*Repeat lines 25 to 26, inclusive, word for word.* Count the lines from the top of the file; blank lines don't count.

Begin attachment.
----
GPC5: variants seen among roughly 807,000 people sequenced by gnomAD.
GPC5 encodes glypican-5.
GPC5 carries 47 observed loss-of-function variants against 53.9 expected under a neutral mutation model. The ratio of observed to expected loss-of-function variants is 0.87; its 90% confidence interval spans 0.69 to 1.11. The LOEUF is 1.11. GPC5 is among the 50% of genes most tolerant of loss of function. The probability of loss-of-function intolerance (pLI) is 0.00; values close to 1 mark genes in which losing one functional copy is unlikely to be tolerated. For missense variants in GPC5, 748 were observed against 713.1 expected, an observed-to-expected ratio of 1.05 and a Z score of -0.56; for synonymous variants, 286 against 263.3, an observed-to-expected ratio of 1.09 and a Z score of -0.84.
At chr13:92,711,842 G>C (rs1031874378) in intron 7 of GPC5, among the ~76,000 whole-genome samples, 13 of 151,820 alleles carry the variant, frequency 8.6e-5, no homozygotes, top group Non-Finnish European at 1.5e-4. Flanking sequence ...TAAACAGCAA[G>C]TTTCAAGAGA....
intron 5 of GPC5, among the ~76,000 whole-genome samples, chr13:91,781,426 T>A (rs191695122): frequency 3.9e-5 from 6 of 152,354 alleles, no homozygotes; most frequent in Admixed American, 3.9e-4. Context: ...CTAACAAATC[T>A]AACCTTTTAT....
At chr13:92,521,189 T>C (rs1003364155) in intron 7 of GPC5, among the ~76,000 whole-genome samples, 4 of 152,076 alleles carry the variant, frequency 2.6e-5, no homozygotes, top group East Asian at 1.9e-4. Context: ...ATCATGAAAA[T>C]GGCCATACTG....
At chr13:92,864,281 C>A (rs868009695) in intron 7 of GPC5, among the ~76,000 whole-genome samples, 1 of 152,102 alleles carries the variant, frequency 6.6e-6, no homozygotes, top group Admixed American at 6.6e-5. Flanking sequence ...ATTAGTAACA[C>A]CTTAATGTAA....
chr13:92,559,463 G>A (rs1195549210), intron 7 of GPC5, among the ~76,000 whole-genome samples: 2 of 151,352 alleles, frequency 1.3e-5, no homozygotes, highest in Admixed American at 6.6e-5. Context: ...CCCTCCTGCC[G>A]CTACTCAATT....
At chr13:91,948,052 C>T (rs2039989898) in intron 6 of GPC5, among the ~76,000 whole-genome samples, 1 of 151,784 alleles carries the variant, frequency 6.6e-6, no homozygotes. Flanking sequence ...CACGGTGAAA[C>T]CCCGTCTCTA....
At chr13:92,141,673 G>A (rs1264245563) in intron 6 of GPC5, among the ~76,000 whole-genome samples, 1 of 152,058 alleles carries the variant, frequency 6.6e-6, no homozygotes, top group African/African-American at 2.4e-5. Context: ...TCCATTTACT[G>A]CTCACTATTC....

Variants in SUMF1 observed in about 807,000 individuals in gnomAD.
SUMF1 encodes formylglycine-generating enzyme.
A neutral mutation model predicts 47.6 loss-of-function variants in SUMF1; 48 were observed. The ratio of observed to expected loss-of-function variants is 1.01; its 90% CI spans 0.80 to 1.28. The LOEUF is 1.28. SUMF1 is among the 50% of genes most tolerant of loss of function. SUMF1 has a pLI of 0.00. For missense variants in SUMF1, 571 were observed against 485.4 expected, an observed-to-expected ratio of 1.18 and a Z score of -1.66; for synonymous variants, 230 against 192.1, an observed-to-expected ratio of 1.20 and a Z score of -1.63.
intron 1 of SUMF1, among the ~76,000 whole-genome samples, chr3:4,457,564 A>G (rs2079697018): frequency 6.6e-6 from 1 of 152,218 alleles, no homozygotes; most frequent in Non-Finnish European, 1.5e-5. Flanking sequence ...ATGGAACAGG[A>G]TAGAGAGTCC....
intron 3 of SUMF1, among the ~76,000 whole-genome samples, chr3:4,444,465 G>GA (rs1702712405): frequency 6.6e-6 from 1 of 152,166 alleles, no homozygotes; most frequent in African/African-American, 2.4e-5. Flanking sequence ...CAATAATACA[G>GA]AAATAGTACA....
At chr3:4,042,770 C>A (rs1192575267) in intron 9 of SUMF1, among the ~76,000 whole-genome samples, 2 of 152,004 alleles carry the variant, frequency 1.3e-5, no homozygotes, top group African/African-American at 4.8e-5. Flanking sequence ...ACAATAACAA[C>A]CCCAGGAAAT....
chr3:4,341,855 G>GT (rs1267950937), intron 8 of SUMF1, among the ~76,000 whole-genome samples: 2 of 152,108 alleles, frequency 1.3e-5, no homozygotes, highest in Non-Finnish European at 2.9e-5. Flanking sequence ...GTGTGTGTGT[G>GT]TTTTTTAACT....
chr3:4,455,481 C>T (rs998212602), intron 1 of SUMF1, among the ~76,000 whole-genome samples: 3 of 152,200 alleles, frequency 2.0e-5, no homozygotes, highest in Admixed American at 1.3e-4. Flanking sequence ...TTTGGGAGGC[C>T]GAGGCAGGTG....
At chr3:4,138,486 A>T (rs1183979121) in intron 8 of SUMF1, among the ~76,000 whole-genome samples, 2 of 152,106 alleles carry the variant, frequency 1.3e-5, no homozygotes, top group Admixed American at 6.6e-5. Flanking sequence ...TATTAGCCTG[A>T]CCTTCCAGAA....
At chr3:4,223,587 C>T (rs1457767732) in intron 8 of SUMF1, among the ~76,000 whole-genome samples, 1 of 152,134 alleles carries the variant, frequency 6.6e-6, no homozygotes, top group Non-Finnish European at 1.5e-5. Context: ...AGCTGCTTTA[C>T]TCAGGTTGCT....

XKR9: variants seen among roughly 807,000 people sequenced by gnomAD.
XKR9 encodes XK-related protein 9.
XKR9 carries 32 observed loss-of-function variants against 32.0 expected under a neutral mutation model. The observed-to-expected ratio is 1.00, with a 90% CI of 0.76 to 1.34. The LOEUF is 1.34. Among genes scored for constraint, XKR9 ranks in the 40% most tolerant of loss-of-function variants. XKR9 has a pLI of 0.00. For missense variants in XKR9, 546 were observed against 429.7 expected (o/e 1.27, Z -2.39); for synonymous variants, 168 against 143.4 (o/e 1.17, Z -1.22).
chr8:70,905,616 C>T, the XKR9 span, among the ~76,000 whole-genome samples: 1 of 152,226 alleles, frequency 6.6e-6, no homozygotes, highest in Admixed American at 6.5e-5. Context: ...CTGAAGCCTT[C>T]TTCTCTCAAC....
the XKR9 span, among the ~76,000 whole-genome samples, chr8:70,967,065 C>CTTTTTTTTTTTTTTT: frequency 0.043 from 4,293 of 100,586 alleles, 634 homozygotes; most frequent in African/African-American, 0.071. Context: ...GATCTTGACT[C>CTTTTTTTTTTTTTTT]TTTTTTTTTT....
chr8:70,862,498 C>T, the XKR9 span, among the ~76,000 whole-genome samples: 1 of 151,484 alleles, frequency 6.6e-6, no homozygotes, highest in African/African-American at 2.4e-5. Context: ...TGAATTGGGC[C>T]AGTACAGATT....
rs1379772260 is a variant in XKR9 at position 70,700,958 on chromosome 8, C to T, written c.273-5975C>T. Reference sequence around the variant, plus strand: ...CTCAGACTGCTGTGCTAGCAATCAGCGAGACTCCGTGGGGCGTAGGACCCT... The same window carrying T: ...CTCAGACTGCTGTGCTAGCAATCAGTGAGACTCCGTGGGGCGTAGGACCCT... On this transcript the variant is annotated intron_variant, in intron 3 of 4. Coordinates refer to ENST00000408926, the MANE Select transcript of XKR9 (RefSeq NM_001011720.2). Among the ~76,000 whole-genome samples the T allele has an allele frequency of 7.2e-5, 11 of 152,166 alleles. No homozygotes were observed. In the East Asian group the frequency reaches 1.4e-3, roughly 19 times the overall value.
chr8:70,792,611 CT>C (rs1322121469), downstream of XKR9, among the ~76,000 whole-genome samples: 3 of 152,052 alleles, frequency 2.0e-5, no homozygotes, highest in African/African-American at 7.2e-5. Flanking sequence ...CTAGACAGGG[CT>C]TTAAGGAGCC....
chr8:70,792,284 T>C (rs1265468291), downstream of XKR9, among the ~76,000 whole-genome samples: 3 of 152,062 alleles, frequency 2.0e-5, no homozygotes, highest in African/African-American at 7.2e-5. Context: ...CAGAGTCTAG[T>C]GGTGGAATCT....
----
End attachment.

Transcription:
the XKR9 span, among the ~76,000 whole-genome samples, chr8:70,967,065 C>CTTTTTTTTTTTTTTT: frequency 0.043 from 4,293 of 100,586 alleles, 634 homozygotes; most frequent in African/African-American, 0.071. Context: ...GATCTTGACT[C>CTTTTTTTTTTTTTTT]TTTTTTTTTT....
chr8:70,862,498 C>T, the XKR9 span, among the ~76,000 whole-genome samples: 1 of 151,484 alleles, frequency 6.6e-6, no homozygotes, highest in African/African-American at 2.4e-5. Context: ...TGAATTGGGC[C>T]AGTACAGATT....